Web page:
It is truly a golden era for French handball. After years of the men’s national team being a threat to the title at every international championship, the women’s side have now become a fearsome foe for any other side to face.
On Sunday night in a packed AccorHotels Arena in Paris, France made history as they claimed their first European title with a victory over Russia. The EHF EURO 2018 plate was won almost one year to the day after France claimed their second world title.
France are now part of an elite group to have won the world and European titles in succession, which previously included only Norway and Denmark. Not only that – France took an historic first medal, silver, at the 2016 Olympic Games and followed that with bronze at the EHF EURO 2016.
What is the secret to Les Bleues’ run of success?
The return of genius Krumbholz
At the 2015 World Championship, France ranked seventh after being eliminated by the Netherlands in the quarter-finals. After that, Olivier Krumbholz, who had vacated the post of head coach in 2013, returned to the helm – and that kickstarted a clear improvement in Les Bleues’ results.
Krumbholz has led France to a medal at every major international championship since, but the final in Paris on Sunday night was a special one: “This is the most amazing game I’ve coached in terms of emotions,” said the coach.
The France players say that since his return to the head coach position, Krumbholz has become more collaborative and open with the squad. Krumbholz now counts 10 medals won with France – but the figure of four won within two and a half years is particularly impressive and shows the effect of his altered approach.
No player left on the bench
When France won the World Championship in 2017, no player was on court for more than 37 minutes in the final. In the EURO 2018 final, every player stepped on the court during the match – and throughout the campaign leading up to the trophy game.
Krumbholz rotates through his squad extensively, sharing the responsibility and ensuring no player has too much pressure. But there were two telling time-played statistics from the medal match in Paris – the amount of time played by a player who has established herself as a key threat from France’s back court, Estelle Nze Minko.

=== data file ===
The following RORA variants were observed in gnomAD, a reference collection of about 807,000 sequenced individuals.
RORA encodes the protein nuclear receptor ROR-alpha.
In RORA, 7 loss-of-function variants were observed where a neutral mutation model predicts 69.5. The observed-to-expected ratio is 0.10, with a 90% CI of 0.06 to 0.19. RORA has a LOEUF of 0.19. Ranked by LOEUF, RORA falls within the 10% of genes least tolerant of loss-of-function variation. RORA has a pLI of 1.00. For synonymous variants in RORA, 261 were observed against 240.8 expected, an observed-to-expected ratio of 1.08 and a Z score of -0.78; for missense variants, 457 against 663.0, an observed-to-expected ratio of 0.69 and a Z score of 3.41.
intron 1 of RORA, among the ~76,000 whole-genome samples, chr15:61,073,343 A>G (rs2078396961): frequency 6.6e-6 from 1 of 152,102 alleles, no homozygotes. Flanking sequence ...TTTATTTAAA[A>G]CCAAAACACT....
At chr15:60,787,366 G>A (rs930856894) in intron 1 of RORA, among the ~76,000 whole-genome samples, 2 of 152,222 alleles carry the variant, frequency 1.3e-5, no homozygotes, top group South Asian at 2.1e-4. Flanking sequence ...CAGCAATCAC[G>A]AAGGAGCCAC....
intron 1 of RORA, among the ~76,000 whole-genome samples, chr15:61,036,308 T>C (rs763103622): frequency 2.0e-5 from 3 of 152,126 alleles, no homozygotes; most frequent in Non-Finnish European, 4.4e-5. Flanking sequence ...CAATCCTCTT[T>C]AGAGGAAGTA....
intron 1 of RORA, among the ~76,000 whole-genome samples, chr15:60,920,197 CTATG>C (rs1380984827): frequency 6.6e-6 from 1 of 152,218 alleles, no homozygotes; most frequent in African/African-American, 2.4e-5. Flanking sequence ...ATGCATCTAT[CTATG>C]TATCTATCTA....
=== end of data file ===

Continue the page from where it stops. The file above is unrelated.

The only player with more court time than Nze Minko was pivot and defensive expert Beatrice Edwige. She was on court for just over 55 minutes, scoring two goals but more importantly, leading the EURO 2018 hosts’ defence widely regarded as the best in the world.
Leynaud and Glauser: The outstanding goalkeeper duo
All-star Team member Amandine Leynaud and Laura Glauser finished as the second- and third-ranked goalkeepers at the EURO 2018, with equal save rates of 36 per cent. At the 2016 Olympic Games, Glauser finished first on 41 per cent while Leynaud was third with 38 per cent.
Glauser missed the World Championship 2017 due to maternity leave, and Leynaud ranked ninth on the list of top goalkeepers with a save rate of 35 per cent – but statistics aside, it was Leynaud who made the final decisive save to secure France a 24:21 victory in the trophy match.
The defence plays a huge role in contributing to the goalkeeper’s success, but the superb duo of Leynaud and Glauser are nevertheless a key reason France have been so strong in recent years. It is no surprise that France finished the EURO with the lowest number of goals scored against them – 181 in their eight matches.
With this defence, the great team effort highlighted by outstanding individual performance, a smart coach who works in close cooperation with his players, and a lot of emotion and heart, France are the deserving title winners at their home EHF EURO.